After the aimless feeling readers were left with in the third issue of Silk, I was more than a little skeptical of how things would turn out, both for our erstwhile heroine and the creative team pushing her narrative along. I’m glad to see that Robbie Thompson appears to have broken free from the inertia into which he’d seemed to have fallen, and has pushed one of Cindy’s subplots into potentially interesting territory.
With this issue of the second volume of Silk, readers are finally given a little more explanation of the Goblin Nation’s agenda, and we get to see Cindy deal with them in depth, as opposed to endlessly bouncing from subplot to subplot. Bouncing instead from fight to sneaking around to fight to Goblin King-led tour, Cindy’s characterization comes through clearly during the action, as she tries to keep her calm and complete her missions as things quickly escalate around her. It’s nice to see some concentration given to one aspect of her life, and as she dives into it we see how it impacts other areas.
It’s also good to see Cindy doing what she can to affect events, rather than just reacting, as we’ve seen too much of in some Spider-titles lately. Sure, she’s not in control of her current combat situation, and her timely assist from her mysterious phasing ally isn’t something she planned, but she makes the most of the circumstances that develop. She could have turned tail and ran for safety after the Goblin Nation got distracted, but instead she knocks one out, puts on his “uniform,” and marches back into their records room to find out how her brother got involved with them. That’s a gutsy move, and not even necessarily a smart one, but it puts her squarely in the driver’s seat–a welcome development that will hopefully pay off soon.
Thompson continues to remind readers, briefly, that other events continue to affect Cindy, whether she knows it or not. We learn–in one single panel, on a page where it’s shown that Cindy’s other sub-plots are still around for her to deal with later–that Shrike had simply left her for dead, to make himself look better to Black Cat. Black Cat, for her part, seems genuinely miffed that Silk hasn’t returned with Killer Shrike, making me wonder just how his treachery against Cindy last issue will end up playing out.
I’ve still got some issues with this story, which at this point mostly center around the Goblin Nation. Their introduction in Superior Spider-Man notwithstanding, I have a hard time accepting an army of cannon fodder goblin kids as a genuine threat to the organized crime scene. There’s no real explanation for how they’ve become such an allegedly formidable organization, though I suppose by the time she confronts the Goblin King, we’ll get something of an answer.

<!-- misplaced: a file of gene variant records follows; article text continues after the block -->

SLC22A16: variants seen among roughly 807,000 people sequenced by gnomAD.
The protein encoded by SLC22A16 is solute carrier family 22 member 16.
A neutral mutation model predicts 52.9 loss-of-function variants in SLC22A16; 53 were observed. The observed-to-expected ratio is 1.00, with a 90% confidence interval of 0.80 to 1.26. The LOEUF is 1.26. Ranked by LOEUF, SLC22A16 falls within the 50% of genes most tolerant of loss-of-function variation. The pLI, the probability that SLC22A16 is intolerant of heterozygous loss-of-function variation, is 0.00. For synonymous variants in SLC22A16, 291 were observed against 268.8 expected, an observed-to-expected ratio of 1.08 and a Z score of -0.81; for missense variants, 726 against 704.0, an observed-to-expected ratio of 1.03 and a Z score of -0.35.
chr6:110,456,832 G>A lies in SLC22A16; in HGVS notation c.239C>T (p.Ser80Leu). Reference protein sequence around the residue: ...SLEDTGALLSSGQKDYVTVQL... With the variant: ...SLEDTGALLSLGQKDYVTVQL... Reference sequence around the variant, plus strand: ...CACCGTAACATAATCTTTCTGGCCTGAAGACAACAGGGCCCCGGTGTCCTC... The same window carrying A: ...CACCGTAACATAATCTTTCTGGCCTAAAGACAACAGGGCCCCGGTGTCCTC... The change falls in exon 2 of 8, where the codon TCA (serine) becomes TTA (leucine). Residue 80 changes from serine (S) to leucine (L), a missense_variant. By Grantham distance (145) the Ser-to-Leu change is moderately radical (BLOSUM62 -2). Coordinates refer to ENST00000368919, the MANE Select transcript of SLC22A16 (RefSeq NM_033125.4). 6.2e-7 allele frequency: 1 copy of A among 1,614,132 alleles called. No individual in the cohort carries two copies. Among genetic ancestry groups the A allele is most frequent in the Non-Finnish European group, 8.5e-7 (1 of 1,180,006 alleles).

Presumably, the Goblin King is still Phil Urich, which is disappointing when I keep hoping it’s actually David Bowie. I can’t deny, though, that that particular Goblin King probably wouldn’t resort to forcefully drugging someone to win them over to his side–something that’s easy for me to believe a scumbag like the younger Urich would do. When Cindy is injected with the Goblin Serum and suddenly is overcome with Goblin Nation goonery, it’s a moment that’s meant to cement the Goblin King as a real bad guy, stripping people of their agency to conscript them. Even if we don’t know enough about him for it to be completely believable, it nevertheless leaves an effective final splash page that at least makes you curious to know what happens next.
I’m afraid that every artist on this title is going to have to suffer being compared to Stacey Lee (for at least a little while), whose art style so successfully worked for this character, and whose absence is notable. Veronica Fish, I will say, has a noticeably similar style, utilizing simple, clean lines and cartoonish eyes and facial expressions to convey emotions effectively. She also does action scenes well–every fight scene in which Cindy features is dynamic and a joy to behold. She has three full-page splashes, all towards the middle and end of the issue, and does a nice job with each of them, displaying the action of a battle, the sinister majesty of the Goblin King, and the shock of Cindy’s sudden and total transformation at the end of the issue. It’s easy to agree that her artwork does a good job of supporting Thompson’s narrative.
Overall, this issue is a little more interesting than the previous installment. It remains to be seen if Robbie Thompson can course correct things enough to save the narrative, but I like what’s going on so far. It’s leaps and bounds ahead of the repetition of the last issue, and actually changes things up in a way that makes the reader interested in what happens next. Veronica Fish’s artwork helps, and hopefully this issue signals a turning point that bring this title back to the joyfulness it had during its initial run.